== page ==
Pregnancy has its own set of symptoms. Some days you may feel physically and emotionally well, and other days you may feel ill. Many women have morning sickness, tiredness, and back pain throughout their three trimesters.
Getting sick with a sinus infection while experiencing other pregnancy symptoms can take a toll on the body.
Here’s how to prevent and treat a sinus infection.
Symptoms of a sinus infection during pregnancy
Sinusitis can develop at any point during the first, second, or third trimester of pregnancy. This is an infection and inflammation in the lining of your sinuses, which are air-filled pockets located around the face and nose.
A sinus infection can cause different symptoms, including:
- mucus drainage
- stuffy nose
- pain and pressure around the face
- sore throat
The symptoms can be worrisome, but there are ways to treat and prevent a sinus infection during pregnancy.
What causes a sinus infection?
Symptoms of a sinus infection can mimic other conditions like allergies and the common cold. An acute infection can last up to four weeks, while chronic infections can last more than 12 weeks. Sinusitis during pregnancy is triggered by a viral, bacterial, or fungal infection.
In some cases, a sinus infection is a complication of the common cold. You’re also at higher risk for a sinus infection if you suffer from allergies. In both conditions, mucus can block the sinus cavities and cause swelling and inflammation. This can lead to an infection.
A sinus infection causes unpleasant symptoms and can make you feel worse while pregnant, but relief is available.
Treating a sinus infection while pregnant
You may be concerned about taking medication for a sinus infection while pregnant. Your concerns are valid. The good news is that there are over-the-counter medications that are safe to take while pregnant.
For example, you can relieve a sinus headache and sore throat with acetaminophen. Make sure you take the pain reliever as directed.
Other safe medications to take during pregnancy include:
- cough suppressants
Aspirin isn't recommended during pregnancy unless under the guidance of a doctor. Likewise, you should avoid ibuprofen unless you’re under a doctor’s supervision. This medication has been linked to pregnancy complications such as reduced amniotic fluid and miscarriage.
Consult your doctor if you have questions about safe medications to take while treating a sinus infection during pregnancy.
Home remedies for a sinus infection during pregnancy
Medications like a cough suppressant, a pain reliever, and a decongestant can relieve symptoms of an infection. But you can also treat symptoms with home remedies.
For example, increasing your fluid intake can ease a sore throat, loosen mucus drainage, and clear a stuffy nose. Ideal fluids include:
- citrus juices
- decaf teas
Other home remedies for a sinus infection include:
- Use saline drops from the pharmacy, or make your own drops using 1 cup of warm water, 1/8 teaspoon of salt, and a pinch of baking soda.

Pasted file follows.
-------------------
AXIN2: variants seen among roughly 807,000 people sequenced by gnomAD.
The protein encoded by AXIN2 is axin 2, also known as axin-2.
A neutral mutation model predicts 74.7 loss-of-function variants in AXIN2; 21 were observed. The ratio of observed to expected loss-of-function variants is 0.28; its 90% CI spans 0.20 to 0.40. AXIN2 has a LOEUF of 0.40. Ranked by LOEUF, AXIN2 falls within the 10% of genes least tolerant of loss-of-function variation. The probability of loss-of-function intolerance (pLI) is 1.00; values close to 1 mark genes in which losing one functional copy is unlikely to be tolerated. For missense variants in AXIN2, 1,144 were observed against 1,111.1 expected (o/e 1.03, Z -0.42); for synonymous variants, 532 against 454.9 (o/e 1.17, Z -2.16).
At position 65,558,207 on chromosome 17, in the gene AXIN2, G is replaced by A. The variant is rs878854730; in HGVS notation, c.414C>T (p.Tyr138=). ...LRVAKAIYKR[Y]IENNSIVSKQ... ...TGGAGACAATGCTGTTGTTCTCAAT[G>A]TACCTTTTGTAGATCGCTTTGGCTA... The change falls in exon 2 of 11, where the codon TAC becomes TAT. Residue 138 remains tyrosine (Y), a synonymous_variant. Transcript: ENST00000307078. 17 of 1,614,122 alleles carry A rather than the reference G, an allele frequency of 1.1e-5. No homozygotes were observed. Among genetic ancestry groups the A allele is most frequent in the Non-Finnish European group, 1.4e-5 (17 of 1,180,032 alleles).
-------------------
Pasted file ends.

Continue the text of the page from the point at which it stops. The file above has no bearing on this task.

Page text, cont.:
- Run a humidifier at night to keep your nasal passage clear and thin mucus.
- Sleep with more than one pillow to elevate your head. This stops mucus from accumulating in your sinuses at night.
- Gargle with warm salt water to soothe a sore throat, or suck on throat lozenges.
- Slow down and relax. Rest can strengthen your immune system and help you fight the infection.
If you have facial pain or headaches from sinusitis, relieve pain by placing a hot or cold pack on your forehead, or gently massage your forehead. Taking a warm bath may also provide relief from a sinus headache.
When to see a doctor
A sinus infection can resolve itself with home treatment and without complications, but there are times when you should see a doctor. Make an appointment with your doctor if your symptoms don’t improve with over-the-counter medications or home remedies, or if you have worsening symptoms.
Contact a doctor if you have a fever higher than 101°F (38°C), or if you start coughing up green or yellow mucus. You should also see a doctor if you have recurrent sinus infections.
A severe sinus infection left untreated increases the risk of complications such as meningitis, which is inflammation of the membranes in the brain or spinal cord.
An untreated infection can spread to other parts of the body, such as the bones, eyes, and skin. It can also affect your sense of smell.
Tests for a sinus infection during pregnancy
If you seek medical attention, your doctor may conduct a variety of tests. These include:
- Nasal endoscopy: A procedure where your doctor inserts a thin, flexible tube into your nose to examine your sinuses.
- Imaging tests: Your doctor may order a CT scan or an MRI to take images of your sinuses.
Depending on your specific case, your doctor may also order a nasal and sinus culture to determine the underlying cause of your sinus infection. Or, you may undergo allergy testing to see whether chronic sinus infections are triggered by allergies.
Getting a sinus infection while pregnant isn’t fun, but there are ways to prevent and lower your risk.
These infections often develop after the common cold, so try to do everything possible to avoid getting sick with a cold. Limit contact with sick people and maybe wear a facial mask to protect yourself from germs. It's also important to wash your hands frequently and avoid touching your mouth and nose.
If you suffer from allergies, ask your doctor about pregnancy-safe antihistamines to manage your symptoms (prescription or over-the-counter). You should also avoid situations that can trigger an allergy flare-up. Avoid establishments with heavy scents or cigarette smoke, and stop using fragrances and cleaning products with strong odors.
Dry air prevents the sinuses from draining, so using a humidifier to increase the moisture level in your home can also reduce your risk of a sinus infection.